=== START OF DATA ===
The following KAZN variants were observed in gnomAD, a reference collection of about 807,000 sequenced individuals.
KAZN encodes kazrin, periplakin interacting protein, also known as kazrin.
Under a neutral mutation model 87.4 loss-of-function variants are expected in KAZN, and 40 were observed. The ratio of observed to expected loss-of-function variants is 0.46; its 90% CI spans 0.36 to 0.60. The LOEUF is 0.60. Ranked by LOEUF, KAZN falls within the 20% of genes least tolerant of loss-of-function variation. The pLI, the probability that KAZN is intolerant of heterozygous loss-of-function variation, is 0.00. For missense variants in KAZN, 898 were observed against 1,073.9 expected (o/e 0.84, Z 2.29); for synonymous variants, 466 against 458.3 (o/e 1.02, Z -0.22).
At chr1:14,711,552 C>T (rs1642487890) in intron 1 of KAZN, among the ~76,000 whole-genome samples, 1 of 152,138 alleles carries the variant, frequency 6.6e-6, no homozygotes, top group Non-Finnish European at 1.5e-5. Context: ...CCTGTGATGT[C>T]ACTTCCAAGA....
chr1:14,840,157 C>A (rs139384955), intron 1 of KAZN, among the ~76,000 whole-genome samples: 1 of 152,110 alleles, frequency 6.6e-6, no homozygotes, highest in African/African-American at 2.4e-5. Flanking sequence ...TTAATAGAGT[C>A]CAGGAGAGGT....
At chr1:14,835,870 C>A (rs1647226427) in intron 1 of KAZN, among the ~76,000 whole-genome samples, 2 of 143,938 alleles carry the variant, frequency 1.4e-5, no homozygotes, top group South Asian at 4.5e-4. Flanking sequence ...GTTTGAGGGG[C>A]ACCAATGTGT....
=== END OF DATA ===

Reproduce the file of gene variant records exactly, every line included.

The following KAZN variants were observed in gnomAD, a reference collection of about 807,000 sequenced individuals.
KAZN encodes kazrin, periplakin interacting protein, also known as kazrin.
Under a neutral mutation model 87.4 loss-of-function variants are expected in KAZN, and 40 were observed. The ratio of observed to expected loss-of-function variants is 0.46; its 90% CI spans 0.36 to 0.60. The LOEUF is 0.60. Ranked by LOEUF, KAZN falls within the 20% of genes least tolerant of loss-of-function variation. The pLI, the probability that KAZN is intolerant of heterozygous loss-of-function variation, is 0.00. For missense variants in KAZN, 898 were observed against 1,073.9 expected (o/e 0.84, Z 2.29); for synonymous variants, 466 against 458.3 (o/e 1.02, Z -0.22).
At chr1:14,711,552 C>T (rs1642487890) in intron 1 of KAZN, among the ~76,000 whole-genome samples, 1 of 152,138 alleles carries the variant, frequency 6.6e-6, no homozygotes, top group Non-Finnish European at 1.5e-5. Context: ...CCTGTGATGT[C>T]ACTTCCAAGA....
chr1:14,840,157 C>A (rs139384955), intron 1 of KAZN, among the ~76,000 whole-genome samples: 1 of 152,110 alleles, frequency 6.6e-6, no homozygotes, highest in African/African-American at 2.4e-5. Flanking sequence ...TTAATAGAGT[C>A]CAGGAGAGGT....
At chr1:14,835,870 C>A (rs1647226427) in intron 1 of KAZN, among the ~76,000 whole-genome samples, 2 of 143,938 alleles carry the variant, frequency 1.4e-5, no homozygotes, top group South Asian at 4.5e-4. Flanking sequence ...GTTTGAGGGG[C>A]ACCAATGTGT....